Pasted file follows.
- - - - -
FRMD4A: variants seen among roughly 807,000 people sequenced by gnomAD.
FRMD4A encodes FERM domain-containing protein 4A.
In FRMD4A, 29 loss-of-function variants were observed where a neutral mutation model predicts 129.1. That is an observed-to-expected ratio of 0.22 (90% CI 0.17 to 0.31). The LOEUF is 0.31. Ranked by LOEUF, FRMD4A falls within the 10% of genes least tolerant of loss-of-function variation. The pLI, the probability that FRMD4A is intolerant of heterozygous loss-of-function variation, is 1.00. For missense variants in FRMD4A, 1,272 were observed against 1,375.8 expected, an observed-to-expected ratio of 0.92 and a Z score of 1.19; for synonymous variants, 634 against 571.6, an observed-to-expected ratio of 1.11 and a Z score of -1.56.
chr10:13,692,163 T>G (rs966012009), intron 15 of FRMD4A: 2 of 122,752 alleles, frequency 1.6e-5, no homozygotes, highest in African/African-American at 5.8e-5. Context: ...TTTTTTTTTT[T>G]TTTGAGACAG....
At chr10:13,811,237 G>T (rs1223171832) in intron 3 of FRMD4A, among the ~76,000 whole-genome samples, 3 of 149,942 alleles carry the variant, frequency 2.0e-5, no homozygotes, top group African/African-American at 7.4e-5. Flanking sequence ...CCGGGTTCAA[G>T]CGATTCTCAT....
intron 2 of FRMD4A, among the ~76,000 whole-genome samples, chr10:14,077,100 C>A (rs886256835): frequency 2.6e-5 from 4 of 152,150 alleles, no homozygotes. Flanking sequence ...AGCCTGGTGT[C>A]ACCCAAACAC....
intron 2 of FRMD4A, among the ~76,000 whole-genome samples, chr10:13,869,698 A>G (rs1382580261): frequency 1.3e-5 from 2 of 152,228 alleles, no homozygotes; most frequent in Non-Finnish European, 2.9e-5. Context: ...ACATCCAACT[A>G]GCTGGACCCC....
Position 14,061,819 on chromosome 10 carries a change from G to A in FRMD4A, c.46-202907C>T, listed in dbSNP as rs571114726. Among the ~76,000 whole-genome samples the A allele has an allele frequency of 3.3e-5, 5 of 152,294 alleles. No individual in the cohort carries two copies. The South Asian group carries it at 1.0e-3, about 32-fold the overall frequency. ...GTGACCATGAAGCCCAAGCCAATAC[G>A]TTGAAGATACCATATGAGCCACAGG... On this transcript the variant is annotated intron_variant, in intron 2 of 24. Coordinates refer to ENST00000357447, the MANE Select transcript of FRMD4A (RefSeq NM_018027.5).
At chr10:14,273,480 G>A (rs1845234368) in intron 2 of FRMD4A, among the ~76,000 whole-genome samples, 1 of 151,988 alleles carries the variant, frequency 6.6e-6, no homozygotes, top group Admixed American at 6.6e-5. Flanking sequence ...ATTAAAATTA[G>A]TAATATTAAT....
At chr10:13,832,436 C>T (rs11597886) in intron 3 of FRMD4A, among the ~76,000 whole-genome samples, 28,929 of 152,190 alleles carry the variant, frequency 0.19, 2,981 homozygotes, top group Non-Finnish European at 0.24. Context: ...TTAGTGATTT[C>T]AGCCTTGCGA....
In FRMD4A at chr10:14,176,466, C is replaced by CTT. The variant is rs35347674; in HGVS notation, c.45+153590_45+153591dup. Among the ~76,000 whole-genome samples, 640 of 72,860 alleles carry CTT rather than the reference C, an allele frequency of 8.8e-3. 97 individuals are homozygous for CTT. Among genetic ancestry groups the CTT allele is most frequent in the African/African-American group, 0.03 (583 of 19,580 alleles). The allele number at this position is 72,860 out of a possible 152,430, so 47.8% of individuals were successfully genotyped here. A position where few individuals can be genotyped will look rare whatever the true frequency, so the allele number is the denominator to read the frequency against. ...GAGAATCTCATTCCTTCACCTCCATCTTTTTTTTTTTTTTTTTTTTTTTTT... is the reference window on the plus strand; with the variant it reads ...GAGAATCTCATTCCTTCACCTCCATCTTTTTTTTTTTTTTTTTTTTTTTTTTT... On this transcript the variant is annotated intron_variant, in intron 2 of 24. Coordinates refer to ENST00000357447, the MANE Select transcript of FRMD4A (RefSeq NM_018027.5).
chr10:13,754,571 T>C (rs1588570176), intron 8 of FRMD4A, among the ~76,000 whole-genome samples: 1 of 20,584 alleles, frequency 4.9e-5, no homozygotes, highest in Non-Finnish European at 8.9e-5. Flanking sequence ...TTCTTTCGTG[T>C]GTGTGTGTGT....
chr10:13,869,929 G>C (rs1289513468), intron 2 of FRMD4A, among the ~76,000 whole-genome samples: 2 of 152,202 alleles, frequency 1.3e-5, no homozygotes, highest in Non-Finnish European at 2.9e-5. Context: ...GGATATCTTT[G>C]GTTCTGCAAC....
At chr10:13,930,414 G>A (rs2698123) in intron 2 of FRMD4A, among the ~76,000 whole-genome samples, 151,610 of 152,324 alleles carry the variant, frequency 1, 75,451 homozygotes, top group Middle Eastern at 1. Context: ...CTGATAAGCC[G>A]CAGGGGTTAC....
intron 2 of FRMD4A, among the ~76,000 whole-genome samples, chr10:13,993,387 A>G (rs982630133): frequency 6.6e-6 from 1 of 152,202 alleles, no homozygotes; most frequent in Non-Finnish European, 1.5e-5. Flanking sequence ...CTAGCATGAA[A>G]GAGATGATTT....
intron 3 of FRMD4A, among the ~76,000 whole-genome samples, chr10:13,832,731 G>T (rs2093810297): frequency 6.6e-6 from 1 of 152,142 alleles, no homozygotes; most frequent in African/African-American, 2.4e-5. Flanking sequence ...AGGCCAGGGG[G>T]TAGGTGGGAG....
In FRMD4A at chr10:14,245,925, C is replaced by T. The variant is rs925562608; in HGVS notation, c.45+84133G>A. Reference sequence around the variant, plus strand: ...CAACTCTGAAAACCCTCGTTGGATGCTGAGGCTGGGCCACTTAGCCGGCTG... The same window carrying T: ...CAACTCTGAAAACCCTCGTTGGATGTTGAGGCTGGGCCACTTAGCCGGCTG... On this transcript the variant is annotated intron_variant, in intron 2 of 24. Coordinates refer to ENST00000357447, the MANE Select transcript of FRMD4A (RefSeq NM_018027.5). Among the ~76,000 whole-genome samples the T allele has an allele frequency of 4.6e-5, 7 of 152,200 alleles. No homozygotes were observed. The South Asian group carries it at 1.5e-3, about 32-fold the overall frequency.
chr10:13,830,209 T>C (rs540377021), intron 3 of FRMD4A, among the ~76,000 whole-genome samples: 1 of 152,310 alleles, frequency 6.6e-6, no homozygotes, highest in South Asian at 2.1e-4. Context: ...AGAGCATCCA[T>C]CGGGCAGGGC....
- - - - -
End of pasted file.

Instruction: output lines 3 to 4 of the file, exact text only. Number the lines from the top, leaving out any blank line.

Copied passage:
In FRMD4A, 29 loss-of-function variants were observed where a neutral mutation model predicts 129.1. That is an observed-to-expected ratio of 0.22 (90% CI 0.17 to 0.31). The LOEUF is 0.31. Ranked by LOEUF, FRMD4A falls within the 10% of genes least tolerant of loss-of-function variation. The pLI, the probability that FRMD4A is intolerant of heterozygous loss-of-function variation, is 1.00. For missense variants in FRMD4A, 1,272 were observed against 1,375.8 expected, an observed-to-expected ratio of 0.92 and a Z score of 1.19; for synonymous variants, 634 against 571.6, an observed-to-expected ratio of 1.11 and a Z score of -1.56.
chr10:13,692,163 T>G (rs966012009), intron 15 of FRMD4A: 2 of 122,752 alleles, frequency 1.6e-5, no homozygotes, highest in African/African-American at 5.8e-5. Context: ...TTTTTTTTTT[T>G]TTTGAGACAG....